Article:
Haphazard land use hits forests and rivers: IISc study

Land use in Kali River catchment

Infrastructure works affect not just forest patches but even water bodies. A study by the Indian Institute of Science (IISc) on Kali Tiger Reserve and Kali river is a clear indication.

‘Eco-Hydrological Footprint of a River Basin in Western Ghats’ — a study which assessed the eco-hydrological footprint at Kali River of Central Western Ghats — has revealed that there has been a decline in evergreen forest cover from 61.8% in 1973 to 37.5% in 2016. During the same time, the dry deciduous forest reduced from 7.82% to 2.24% in the catchment areas.

According to the report, there has been a reduction in overall forest cover from 84.69% to 54.94% in a span of about 40 years. The land use assessment was carried out by classifying the temporal remote sensing data into 10 categories. The report also revealed that the construction of a series of dams on the Kali River from 1980 to 2000 has resulted in large-scale land use. It has documented an increase in monoculture plantations of social forestry (Acacia sp) and horticulture (Areca) from 1.66% to 16.8%.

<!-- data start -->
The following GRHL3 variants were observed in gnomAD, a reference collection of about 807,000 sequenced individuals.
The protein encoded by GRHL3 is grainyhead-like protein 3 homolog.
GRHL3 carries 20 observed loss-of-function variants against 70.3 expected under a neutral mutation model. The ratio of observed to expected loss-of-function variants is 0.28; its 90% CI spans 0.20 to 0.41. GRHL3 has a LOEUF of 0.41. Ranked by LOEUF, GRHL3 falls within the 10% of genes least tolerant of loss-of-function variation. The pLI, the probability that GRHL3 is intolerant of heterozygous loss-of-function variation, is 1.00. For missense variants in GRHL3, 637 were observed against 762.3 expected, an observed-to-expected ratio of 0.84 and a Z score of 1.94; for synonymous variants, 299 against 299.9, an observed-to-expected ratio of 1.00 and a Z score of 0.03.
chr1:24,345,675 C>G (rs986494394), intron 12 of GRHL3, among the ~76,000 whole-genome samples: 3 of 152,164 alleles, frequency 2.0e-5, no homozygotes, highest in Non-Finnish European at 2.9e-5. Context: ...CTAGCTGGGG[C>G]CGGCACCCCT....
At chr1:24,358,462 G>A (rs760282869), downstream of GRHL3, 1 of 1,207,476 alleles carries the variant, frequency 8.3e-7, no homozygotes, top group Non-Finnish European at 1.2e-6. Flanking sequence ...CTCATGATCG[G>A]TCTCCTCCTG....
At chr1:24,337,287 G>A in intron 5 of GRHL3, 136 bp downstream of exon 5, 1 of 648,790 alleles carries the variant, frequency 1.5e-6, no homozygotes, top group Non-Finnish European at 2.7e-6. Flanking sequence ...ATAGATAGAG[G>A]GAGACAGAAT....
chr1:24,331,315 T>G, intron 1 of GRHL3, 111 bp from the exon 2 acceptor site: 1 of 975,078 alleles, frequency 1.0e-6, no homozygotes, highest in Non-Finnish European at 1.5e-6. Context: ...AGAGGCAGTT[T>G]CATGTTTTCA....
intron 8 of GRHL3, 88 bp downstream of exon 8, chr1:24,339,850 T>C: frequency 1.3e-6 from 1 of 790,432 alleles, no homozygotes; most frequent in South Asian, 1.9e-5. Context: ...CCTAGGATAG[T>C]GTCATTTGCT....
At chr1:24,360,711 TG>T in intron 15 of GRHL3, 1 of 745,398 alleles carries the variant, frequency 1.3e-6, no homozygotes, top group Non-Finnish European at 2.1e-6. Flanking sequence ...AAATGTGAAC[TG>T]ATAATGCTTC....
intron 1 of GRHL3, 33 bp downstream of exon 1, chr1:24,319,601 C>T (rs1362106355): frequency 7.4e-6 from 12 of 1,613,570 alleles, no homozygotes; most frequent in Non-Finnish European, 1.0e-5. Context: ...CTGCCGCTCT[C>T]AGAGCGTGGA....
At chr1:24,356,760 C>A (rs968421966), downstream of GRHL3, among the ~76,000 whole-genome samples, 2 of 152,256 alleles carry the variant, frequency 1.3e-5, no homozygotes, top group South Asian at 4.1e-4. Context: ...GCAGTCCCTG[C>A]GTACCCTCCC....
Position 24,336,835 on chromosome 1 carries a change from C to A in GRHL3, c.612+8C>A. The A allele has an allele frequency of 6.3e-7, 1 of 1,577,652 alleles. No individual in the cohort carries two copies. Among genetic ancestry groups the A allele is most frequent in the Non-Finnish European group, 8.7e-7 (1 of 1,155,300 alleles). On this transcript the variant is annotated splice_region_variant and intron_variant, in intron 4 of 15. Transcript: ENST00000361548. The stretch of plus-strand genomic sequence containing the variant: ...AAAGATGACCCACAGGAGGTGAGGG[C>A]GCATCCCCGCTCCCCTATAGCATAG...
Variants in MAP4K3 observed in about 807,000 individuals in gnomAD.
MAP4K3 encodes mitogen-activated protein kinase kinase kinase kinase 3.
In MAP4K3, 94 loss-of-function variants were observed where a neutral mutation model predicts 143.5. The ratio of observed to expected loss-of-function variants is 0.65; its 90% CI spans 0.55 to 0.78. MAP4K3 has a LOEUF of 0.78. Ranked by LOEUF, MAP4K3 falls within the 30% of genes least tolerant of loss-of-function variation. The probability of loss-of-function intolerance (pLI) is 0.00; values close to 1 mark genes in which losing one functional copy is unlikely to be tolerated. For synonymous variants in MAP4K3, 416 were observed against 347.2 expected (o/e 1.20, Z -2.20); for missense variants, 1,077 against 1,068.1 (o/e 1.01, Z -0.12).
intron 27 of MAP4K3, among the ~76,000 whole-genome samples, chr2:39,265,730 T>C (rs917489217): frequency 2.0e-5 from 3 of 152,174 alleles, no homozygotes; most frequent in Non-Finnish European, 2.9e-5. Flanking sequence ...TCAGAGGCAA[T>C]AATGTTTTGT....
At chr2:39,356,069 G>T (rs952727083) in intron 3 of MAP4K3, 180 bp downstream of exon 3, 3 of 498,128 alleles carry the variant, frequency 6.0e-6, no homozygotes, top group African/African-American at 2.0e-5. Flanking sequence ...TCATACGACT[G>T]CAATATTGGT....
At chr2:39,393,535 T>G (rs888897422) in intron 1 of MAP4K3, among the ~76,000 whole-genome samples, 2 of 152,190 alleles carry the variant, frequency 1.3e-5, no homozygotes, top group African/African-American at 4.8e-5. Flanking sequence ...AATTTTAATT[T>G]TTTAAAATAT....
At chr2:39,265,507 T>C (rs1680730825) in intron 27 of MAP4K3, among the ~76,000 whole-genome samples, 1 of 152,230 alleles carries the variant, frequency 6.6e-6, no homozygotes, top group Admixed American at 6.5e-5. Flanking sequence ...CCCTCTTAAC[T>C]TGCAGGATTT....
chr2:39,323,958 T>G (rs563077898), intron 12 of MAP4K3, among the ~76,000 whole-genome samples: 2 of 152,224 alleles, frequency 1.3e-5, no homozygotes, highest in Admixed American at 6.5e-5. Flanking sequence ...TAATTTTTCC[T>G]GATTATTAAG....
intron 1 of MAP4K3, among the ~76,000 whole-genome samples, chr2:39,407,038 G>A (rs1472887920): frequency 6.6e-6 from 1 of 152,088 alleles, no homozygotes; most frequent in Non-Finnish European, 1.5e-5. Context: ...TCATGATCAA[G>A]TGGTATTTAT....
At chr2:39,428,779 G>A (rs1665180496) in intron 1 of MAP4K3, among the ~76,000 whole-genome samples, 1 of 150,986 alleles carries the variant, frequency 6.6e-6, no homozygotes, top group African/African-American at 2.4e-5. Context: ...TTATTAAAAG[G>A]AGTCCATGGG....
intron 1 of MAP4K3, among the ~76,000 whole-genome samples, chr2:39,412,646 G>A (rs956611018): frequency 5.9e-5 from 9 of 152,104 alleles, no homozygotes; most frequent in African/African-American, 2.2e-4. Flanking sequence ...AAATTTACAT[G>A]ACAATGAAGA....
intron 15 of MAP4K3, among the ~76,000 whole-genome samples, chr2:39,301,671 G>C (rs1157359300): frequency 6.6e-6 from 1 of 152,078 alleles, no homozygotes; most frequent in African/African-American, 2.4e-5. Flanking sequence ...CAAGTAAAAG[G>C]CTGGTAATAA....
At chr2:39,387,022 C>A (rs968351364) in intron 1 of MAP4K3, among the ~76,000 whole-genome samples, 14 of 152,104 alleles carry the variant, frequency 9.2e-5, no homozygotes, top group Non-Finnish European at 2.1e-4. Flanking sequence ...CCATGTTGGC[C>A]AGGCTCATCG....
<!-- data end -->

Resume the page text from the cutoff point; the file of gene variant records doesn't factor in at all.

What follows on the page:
“Large-scale conversion of forests to monoculture plantation near the eastern plains is due to the industrial demand by Dandeli paper mill and other purposes. Agriculture has increased in the plains of Haliyal, Kalgatgi, Yellapur and Dharwad taluks, from 9.20% to 17.71%,” said T V Ramachandra, from Energy and Wetlands Research Group, Centre for Ecological Sciences, IISc. He is one of the authors of the report, along with S Vinay, S Bharath and A Shashishankar.

The increase in water bodies from 0.41% to 3.65% is due to construction of major reservoirs during this period, stretching their expanses in the forested landscape. Built-up areas have increased from 0.39% to 1.69%. A major increase can be observed at Yellapur, Dandeli, Kalgatgi, Kaiga, Karwar, Ankola, Haliyal, Ramanagar, Londa, Khanapura and Joida, he explained.

The report also highlighted inter annual water budgeting across sub basins which showed the Ghats and coastal areas are sustainable with perennial waters in the river as against the plains in the east which showed a deficit of resources, indicating water stress.

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